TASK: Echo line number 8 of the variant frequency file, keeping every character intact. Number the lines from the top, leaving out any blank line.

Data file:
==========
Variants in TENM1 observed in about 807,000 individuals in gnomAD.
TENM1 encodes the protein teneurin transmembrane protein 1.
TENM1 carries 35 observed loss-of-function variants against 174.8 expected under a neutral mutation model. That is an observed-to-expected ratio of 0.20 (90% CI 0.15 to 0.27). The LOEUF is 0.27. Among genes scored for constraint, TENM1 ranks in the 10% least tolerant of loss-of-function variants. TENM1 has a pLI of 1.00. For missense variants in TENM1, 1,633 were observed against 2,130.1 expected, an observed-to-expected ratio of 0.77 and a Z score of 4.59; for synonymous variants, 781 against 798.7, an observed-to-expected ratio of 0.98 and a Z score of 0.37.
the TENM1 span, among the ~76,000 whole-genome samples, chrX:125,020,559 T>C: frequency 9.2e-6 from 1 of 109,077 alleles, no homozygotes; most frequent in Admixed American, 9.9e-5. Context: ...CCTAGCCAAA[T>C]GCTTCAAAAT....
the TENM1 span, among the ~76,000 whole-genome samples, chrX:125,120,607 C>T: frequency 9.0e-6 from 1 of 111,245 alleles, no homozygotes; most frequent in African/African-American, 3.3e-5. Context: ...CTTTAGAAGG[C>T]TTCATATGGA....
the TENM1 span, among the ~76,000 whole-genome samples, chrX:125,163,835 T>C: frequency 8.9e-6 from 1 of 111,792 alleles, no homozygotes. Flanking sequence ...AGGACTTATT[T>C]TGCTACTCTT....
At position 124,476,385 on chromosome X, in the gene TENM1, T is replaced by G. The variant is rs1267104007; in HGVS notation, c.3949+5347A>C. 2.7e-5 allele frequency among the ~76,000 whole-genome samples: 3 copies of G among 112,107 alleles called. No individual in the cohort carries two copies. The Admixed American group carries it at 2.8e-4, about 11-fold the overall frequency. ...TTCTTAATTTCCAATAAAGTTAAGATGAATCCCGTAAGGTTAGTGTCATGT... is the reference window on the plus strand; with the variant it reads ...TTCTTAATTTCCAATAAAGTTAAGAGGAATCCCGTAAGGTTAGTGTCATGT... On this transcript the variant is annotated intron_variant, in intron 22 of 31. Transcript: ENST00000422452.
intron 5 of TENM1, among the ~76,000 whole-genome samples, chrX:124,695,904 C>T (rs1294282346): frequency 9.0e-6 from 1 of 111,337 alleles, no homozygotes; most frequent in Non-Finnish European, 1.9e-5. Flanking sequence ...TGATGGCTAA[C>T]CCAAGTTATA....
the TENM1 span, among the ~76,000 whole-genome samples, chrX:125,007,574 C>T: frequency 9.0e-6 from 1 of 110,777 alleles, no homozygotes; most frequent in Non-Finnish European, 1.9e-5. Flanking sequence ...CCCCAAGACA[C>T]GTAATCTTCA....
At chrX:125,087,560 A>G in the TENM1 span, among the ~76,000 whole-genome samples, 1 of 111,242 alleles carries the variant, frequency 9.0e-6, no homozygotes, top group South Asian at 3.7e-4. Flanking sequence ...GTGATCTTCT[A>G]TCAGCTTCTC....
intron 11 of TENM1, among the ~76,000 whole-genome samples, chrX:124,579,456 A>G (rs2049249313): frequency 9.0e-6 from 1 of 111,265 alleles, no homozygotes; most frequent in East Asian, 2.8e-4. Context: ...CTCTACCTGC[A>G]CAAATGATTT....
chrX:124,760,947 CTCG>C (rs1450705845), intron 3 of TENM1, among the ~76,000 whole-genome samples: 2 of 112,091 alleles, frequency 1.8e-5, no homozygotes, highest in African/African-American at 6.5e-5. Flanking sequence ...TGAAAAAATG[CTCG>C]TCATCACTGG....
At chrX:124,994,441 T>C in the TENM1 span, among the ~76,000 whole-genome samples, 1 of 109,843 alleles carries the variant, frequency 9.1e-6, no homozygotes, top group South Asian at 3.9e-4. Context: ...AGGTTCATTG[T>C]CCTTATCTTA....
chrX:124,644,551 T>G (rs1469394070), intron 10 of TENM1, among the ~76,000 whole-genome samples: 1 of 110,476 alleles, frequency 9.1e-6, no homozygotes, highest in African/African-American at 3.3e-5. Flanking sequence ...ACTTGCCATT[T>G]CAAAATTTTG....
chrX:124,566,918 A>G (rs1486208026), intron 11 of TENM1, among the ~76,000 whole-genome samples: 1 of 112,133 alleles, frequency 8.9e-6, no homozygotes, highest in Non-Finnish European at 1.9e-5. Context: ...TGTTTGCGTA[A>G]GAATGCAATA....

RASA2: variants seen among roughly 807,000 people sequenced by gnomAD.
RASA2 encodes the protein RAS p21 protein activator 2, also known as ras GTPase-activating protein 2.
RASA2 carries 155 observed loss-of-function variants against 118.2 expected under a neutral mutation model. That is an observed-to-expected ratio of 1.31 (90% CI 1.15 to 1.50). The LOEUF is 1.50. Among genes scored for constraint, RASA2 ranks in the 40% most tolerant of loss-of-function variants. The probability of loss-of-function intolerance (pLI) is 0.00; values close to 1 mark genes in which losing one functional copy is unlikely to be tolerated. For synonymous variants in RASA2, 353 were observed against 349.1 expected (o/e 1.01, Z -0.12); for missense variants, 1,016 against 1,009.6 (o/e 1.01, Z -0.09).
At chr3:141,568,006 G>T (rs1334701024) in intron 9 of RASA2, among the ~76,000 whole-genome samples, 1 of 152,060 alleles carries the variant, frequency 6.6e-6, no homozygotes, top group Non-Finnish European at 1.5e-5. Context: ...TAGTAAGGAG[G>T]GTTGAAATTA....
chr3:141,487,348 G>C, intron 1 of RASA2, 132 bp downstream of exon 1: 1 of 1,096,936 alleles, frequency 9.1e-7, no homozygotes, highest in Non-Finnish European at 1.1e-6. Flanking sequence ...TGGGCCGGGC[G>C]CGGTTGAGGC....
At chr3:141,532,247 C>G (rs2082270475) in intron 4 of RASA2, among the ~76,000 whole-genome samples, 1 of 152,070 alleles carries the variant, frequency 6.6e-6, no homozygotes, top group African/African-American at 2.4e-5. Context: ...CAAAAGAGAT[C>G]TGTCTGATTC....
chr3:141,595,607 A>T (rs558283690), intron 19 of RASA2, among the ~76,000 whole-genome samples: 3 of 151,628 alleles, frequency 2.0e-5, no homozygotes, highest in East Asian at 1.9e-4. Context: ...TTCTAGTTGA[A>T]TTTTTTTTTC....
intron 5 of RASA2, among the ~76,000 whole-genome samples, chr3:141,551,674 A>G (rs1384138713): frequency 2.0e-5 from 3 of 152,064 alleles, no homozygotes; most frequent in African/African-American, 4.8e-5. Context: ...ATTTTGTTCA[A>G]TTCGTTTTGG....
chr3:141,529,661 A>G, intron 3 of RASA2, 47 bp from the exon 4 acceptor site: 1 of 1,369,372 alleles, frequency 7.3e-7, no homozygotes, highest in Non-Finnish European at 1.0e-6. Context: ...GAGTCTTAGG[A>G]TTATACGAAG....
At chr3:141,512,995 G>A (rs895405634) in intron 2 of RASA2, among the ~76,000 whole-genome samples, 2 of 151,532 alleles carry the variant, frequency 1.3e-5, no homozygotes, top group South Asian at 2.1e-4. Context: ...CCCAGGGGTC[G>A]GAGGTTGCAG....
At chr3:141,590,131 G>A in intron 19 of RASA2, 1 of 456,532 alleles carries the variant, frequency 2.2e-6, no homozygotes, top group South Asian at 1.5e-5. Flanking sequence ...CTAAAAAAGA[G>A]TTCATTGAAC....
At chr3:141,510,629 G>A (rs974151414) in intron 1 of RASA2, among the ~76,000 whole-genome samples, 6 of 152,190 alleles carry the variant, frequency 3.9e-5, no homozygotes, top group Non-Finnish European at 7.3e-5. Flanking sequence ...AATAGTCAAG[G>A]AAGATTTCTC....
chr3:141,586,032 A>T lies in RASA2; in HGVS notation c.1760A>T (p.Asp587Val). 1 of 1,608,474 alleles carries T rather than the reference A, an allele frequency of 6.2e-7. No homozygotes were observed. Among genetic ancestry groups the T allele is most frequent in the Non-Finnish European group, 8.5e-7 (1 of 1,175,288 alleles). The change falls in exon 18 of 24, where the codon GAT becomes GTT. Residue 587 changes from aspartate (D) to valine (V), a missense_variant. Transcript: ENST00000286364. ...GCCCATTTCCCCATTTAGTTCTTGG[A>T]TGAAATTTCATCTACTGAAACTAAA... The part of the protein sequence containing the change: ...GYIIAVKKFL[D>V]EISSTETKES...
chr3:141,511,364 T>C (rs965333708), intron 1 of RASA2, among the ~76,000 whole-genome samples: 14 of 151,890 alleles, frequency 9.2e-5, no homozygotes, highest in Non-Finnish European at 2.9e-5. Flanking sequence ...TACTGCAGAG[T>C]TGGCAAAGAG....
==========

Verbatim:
intron 5 of TENM1, among the ~76,000 whole-genome samples, chrX:124,695,904 C>T (rs1294282346): frequency 9.0e-6 from 1 of 111,337 alleles, no homozygotes; most frequent in Non-Finnish European, 1.9e-5. Flanking sequence ...TGATGGCTAA[C>T]CCAAGTTATA....